SUISUN CITY — Nearly 1,300 middle school students will explore one of the last intact wetlands in the Bay Area as part of the 2015 Suisun Marsh Watershed Program.
About half of the sixth- and seventh-graders who are participating have already experienced the daylong field trip to the Solano Land Trust’s Rush Ranch – with another 600 students scheduled to participate next month.
A major goal of the program is for as many students as possible to participate, said program Coordinator Marianne Butler, education program manager for the Solano Resource Conservation District.
The free program includes in-class lessons about marsh and watershed ecology, leading up to the field trip to explore part of the largest contiguous brackish tidal marshes remaining on the West Coast, according to a district press release. Students hike through the wetlands and study the soil, water and plants there.
In the day’s final activity, participants hike to Overlook Hill and write poems about their experience, which their teachers submit to the River of Words International art and poetry contest. Back in their classrooms, students complete additional lessons covering the problems and solutions to ocean debris and water conservation.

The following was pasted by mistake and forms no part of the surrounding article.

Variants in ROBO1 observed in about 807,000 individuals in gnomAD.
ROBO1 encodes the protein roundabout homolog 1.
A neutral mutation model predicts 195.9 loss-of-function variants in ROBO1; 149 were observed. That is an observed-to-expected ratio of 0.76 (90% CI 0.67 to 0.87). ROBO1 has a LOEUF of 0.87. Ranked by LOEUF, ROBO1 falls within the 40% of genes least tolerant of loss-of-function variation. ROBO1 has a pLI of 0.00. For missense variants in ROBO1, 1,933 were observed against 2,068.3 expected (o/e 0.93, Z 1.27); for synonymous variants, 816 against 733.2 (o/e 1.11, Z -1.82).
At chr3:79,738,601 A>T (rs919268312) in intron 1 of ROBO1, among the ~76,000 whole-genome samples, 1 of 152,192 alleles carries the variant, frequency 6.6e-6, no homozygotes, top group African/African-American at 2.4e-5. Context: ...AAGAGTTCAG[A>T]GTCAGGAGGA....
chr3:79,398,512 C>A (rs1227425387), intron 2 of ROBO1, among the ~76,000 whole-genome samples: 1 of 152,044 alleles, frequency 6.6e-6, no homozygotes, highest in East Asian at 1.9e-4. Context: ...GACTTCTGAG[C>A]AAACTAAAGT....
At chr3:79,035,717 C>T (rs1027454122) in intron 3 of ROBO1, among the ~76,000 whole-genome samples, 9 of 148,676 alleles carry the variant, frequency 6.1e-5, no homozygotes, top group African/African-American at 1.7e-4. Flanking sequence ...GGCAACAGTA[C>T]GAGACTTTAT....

The program’s five in-class lessons instruct students about the marsh’s ecosystem and its role in the larger watershed habitat. Program educators tie the ecology and health of the marsh to the student’s own lives, building understanding of the interconnection of all life in a watershed, according to the district release.
The Rush Ranch open space is a working cattle ranch, which serves as a living laboratory for participants. Students see wildlife coexisting with domestic animals in a well-managed environment, on a 1,050-acre property that represents more than 10 percent of the remaining wetland area in California, according to the district.
The eight-year-old program was developed by the Solano and Suisun resource conservation districts and is funded by the Solano County Water Agency, along with a State Parks Habitat Conservation Fund grant, which is in its final of four program years.
The funding is augmented by a two-year grant from the Benicia Sustainability Commission, and a small amount of funding from a CalRecycle Grant to Solano County. Additional funding support for busing is provided by the Fairfield Suisun Sewer District.
When completed, more than 10,000 children will have taken field trips to explore county open space in a hands-on program that aligns with state standards and addresses local concerns, the district said.
Reach Kevin W. Green at 427-6974 or kgreen@dailyrepublic.